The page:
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Linux Commands To Get Hardware Info

Linux commands for hardware info

It’s always a good idea to know how to get hardware info on your linux system. It can be very useful if you need to troubleshoot a hardware issue. There can be times when you need some specific hardware info to get the right drivers. Other times you’ll need specific info to perform a hardware upgrade. The command line offers quite a few ways to obtain this hardware info with some tried and true linux commands.

Now there are a few GUI applications that you can install to get the hardware info, and in most cases this will suffice. My personal favorite GUI application for hardware details is HardInfo. It’s a fantastic piece of software. In fact, HardInfo even has some benchmarking tools to test your system’s stability. This comes in handy after hardware upgrades or overclocking.

You can install HardInfo as follows.

sudo apt install hardinfo

Linux Commands For Hardware Info

Well now that we’ve gone over a good GUI, it’s time to dig in with what this article is really about. We will go over some Linux commands to get hardware info. Commands can allow for more specific and targeted hardware info. Probably the biggest advantage is the ability to use these commands in a shell script.

Lets get started, shall we…

If you do not have any of the linux utilities in this tutorial, you can install them in your terminal as follows.

sudo apt install <name-of-utility>
  • These next few commands are great for getting an overview of your hardware info.
hwinfo --short
lshw --short

For hardware overview information, this next command is my favorite. I like the neat easy to read output that is arranged by category.

inxi -Fxz
  • We will now target just your CPU info.

You may not need so much information like the previous commands, but just for your cpu.

lshw -C cpu
  • Lets focus on your PC memory now.

This command will show the memory size for each RAM stick you have installed in your PC. You do need to run this command with sudo.

sudo dmidecode -t memory | grep -i size

This command also gives you the RAM speed.

sudo lshw -short -C memory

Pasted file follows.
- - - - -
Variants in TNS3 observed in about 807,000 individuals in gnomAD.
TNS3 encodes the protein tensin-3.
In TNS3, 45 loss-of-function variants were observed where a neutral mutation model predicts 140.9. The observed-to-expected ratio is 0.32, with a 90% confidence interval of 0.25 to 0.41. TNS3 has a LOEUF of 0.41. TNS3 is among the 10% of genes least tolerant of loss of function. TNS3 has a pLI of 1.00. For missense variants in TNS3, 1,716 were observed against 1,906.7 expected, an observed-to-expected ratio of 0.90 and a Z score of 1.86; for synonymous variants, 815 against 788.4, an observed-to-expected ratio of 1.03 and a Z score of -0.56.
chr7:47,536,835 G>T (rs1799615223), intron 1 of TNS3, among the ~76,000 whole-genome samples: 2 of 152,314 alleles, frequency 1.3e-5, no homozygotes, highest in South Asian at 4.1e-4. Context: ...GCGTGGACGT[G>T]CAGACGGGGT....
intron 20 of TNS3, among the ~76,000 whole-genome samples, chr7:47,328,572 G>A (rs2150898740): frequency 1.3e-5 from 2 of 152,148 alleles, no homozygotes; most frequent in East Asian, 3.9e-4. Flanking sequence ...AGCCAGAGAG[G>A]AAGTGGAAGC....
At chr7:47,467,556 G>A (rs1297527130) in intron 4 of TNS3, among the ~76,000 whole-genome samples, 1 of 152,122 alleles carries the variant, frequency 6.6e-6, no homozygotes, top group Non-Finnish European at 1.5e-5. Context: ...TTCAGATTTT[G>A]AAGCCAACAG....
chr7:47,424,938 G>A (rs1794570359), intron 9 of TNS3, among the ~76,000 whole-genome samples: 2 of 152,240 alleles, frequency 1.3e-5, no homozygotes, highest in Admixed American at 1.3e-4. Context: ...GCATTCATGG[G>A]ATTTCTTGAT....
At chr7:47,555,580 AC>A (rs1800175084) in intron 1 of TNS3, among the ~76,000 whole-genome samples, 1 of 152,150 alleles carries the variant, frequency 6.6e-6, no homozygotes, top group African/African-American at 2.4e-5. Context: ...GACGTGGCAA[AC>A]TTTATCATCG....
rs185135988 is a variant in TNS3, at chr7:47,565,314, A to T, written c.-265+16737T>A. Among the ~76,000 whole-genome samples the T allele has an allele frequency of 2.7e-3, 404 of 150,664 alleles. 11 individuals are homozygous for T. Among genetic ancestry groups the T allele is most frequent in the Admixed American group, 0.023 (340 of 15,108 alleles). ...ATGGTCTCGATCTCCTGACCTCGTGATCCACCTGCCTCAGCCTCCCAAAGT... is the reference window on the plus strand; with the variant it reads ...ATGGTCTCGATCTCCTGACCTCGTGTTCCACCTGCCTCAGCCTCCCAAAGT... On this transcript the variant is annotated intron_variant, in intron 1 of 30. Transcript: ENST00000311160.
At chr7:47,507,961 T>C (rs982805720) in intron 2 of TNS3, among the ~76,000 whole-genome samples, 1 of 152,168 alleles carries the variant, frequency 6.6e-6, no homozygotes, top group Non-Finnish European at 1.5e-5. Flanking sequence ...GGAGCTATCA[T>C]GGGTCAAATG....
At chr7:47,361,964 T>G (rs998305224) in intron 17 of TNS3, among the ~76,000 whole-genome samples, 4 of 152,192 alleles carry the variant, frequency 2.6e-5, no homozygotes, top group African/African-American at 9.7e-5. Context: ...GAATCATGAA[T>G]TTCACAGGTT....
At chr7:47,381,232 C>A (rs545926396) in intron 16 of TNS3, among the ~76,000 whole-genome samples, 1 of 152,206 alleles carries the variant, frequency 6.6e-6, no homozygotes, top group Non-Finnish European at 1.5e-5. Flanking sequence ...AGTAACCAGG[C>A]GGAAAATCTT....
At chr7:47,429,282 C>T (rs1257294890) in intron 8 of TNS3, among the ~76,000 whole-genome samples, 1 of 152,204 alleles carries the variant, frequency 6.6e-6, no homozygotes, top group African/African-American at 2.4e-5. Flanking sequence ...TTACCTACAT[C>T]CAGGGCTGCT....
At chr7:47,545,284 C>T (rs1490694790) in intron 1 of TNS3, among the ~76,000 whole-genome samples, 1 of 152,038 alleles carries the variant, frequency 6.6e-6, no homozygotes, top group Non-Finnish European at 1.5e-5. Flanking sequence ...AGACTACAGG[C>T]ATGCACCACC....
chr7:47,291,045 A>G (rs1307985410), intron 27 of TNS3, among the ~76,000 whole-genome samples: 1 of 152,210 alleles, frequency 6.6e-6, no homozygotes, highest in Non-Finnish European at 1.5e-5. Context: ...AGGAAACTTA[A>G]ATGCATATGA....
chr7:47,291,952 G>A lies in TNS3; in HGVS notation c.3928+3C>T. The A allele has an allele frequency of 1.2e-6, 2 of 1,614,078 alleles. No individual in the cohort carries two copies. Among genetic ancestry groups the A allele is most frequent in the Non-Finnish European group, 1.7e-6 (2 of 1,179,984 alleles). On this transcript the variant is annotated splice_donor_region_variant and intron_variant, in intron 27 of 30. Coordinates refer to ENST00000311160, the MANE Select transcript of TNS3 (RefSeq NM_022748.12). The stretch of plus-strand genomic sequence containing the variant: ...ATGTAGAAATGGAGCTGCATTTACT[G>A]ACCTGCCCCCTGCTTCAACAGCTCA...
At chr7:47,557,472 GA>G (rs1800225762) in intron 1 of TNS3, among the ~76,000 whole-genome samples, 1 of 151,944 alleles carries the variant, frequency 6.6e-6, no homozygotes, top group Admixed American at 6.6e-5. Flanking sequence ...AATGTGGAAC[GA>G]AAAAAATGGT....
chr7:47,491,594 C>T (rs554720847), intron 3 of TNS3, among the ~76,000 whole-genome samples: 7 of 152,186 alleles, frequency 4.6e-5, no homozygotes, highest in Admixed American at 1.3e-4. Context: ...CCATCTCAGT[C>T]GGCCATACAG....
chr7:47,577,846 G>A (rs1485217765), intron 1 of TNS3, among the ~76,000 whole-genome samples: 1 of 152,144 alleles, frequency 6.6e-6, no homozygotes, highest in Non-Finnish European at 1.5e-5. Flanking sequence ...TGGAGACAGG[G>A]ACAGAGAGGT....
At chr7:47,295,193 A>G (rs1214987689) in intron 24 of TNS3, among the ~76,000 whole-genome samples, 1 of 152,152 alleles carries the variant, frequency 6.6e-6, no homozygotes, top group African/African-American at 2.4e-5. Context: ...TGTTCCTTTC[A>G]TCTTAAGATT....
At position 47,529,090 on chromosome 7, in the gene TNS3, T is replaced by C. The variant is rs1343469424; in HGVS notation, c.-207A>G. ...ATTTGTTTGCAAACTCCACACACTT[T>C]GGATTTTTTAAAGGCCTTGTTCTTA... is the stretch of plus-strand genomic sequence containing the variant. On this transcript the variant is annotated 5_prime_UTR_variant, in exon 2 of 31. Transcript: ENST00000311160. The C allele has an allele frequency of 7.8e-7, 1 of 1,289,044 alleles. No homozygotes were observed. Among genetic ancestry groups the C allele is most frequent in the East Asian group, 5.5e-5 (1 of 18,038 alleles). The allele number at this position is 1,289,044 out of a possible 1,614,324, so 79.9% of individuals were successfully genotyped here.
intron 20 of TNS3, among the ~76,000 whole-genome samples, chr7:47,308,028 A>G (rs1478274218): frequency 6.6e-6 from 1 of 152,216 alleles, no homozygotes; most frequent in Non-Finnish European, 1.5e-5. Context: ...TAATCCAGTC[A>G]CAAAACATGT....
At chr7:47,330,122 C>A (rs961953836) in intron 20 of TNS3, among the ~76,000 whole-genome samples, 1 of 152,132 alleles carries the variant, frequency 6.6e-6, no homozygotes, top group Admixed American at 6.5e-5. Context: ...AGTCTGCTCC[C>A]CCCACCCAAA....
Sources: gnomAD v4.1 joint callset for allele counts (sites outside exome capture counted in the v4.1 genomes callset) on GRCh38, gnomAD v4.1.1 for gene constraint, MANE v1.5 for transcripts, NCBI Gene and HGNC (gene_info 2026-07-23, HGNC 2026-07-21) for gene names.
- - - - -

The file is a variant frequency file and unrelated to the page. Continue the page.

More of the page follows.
Now here is a very useful command. Ever wanted an easy way to know the max amount of ram you can install in your PC? Well this command does just that.

sudo dmidecode -t memory | grep -i max

If you want to know if there are any empty ram slots available in your PC, you don’t need to open it. You can find out with this command. If the command output is empty, that means all ram slots are full.

lshw -short -C memory | grep -i empty

This final command gives us our memory usage.

free -m
  • Here are some commands to get disks, devices, and file systems.

I like this next command. It displays the device path for any mounted HDD, SSD, and USB drives.

sudo lshw -short -C disk

The next command is more targeted at a specific drive by using the device path you get from the previous command above.

sudo hdparm -I /dev/sda

If you’d like to get an idea of how fast your HDD or SSD read speeds are, you can run a test as follows. You just need the device path as the previous command.

sudo hdparm -Tt /dev/sda

This following command is quite common. You can use it to list all disks with their partitions, mount points, and sizes.


This is yet another to list sector count, file system, type, and ID.

sudo fdisk -l

Along with file systems and mount points, this next command also lists space used and available in megabytes.

df -m

These next two list USB and PCI devices.

  • Some commands for network hardware info.

List hardware information for your network card.

lshw -C network

List network interfaces.

ifconfig -a
  • Wrapping things up with installed software information.

Details about your current OS installation.

cat /etc/os-release

Kernel details.

uname -a

Finally we get some details about the BIOS.

sudo dmidecode -t bios


We have stepped through quite a few Linux commands to get hardware info. There’s many more commands you can learn in time. With the one’s we’ve covered in this tutorial you should be covered for most situations.

If there’s any more linux commands to get hardware info that you think should be included in this tutorial, feel free to share them in the comments below with some details.

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